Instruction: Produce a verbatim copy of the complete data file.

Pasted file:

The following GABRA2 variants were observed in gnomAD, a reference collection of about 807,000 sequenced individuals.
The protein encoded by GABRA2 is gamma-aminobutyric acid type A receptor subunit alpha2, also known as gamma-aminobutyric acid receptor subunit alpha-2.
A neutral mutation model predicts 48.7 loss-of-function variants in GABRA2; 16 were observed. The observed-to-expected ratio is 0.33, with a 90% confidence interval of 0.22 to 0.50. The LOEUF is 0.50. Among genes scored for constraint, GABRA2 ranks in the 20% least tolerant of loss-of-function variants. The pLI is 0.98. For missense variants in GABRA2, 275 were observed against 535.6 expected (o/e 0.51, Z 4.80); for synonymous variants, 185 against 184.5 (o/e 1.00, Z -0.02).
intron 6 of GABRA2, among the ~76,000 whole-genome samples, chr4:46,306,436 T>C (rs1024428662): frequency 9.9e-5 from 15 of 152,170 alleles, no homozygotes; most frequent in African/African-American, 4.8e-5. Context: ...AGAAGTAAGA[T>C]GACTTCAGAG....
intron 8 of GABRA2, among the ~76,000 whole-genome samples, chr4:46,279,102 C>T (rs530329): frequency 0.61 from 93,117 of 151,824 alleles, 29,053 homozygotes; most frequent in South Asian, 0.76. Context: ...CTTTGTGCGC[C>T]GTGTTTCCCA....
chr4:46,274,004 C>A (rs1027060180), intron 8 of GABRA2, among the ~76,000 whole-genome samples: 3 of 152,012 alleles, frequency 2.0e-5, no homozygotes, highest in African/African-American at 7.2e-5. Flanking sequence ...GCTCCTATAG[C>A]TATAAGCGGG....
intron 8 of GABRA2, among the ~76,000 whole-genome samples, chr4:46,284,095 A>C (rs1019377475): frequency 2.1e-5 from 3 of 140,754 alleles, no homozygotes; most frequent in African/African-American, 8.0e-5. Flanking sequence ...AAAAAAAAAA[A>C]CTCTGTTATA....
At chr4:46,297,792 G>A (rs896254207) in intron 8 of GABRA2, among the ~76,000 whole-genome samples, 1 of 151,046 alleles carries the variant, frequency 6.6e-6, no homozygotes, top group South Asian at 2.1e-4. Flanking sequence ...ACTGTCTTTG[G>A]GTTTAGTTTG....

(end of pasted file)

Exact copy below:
The following GABRA2 variants were observed in gnomAD, a reference collection of about 807,000 sequenced individuals.
The protein encoded by GABRA2 is gamma-aminobutyric acid type A receptor subunit alpha2, also known as gamma-aminobutyric acid receptor subunit alpha-2.
A neutral mutation model predicts 48.7 loss-of-function variants in GABRA2; 16 were observed. The observed-to-expected ratio is 0.33, with a 90% confidence interval of 0.22 to 0.50. The LOEUF is 0.50. Among genes scored for constraint, GABRA2 ranks in the 20% least tolerant of loss-of-function variants. The pLI is 0.98. For missense variants in GABRA2, 275 were observed against 535.6 expected (o/e 0.51, Z 4.80); for synonymous variants, 185 against 184.5 (o/e 1.00, Z -0.02).
intron 6 of GABRA2, among the ~76,000 whole-genome samples, chr4:46,306,436 T>C (rs1024428662): frequency 9.9e-5 from 15 of 152,170 alleles, no homozygotes; most frequent in African/African-American, 4.8e-5. Context: ...AGAAGTAAGA[T>C]GACTTCAGAG....
intron 8 of GABRA2, among the ~76,000 whole-genome samples, chr4:46,279,102 C>T (rs530329): frequency 0.61 from 93,117 of 151,824 alleles, 29,053 homozygotes; most frequent in South Asian, 0.76. Context: ...CTTTGTGCGC[C>T]GTGTTTCCCA....
chr4:46,274,004 C>A (rs1027060180), intron 8 of GABRA2, among the ~76,000 whole-genome samples: 3 of 152,012 alleles, frequency 2.0e-5, no homozygotes, highest in African/African-American at 7.2e-5. Flanking sequence ...GCTCCTATAG[C>A]TATAAGCGGG....
intron 8 of GABRA2, among the ~76,000 whole-genome samples, chr4:46,284,095 A>C (rs1019377475): frequency 2.1e-5 from 3 of 140,754 alleles, no homozygotes; most frequent in African/African-American, 8.0e-5. Flanking sequence ...AAAAAAAAAA[A>C]CTCTGTTATA....
At chr4:46,297,792 G>A (rs896254207) in intron 8 of GABRA2, among the ~76,000 whole-genome samples, 1 of 151,046 alleles carries the variant, frequency 6.6e-6, no homozygotes, top group South Asian at 2.1e-4. Flanking sequence ...ACTGTCTTTG[G>A]GTTTAGTTTG....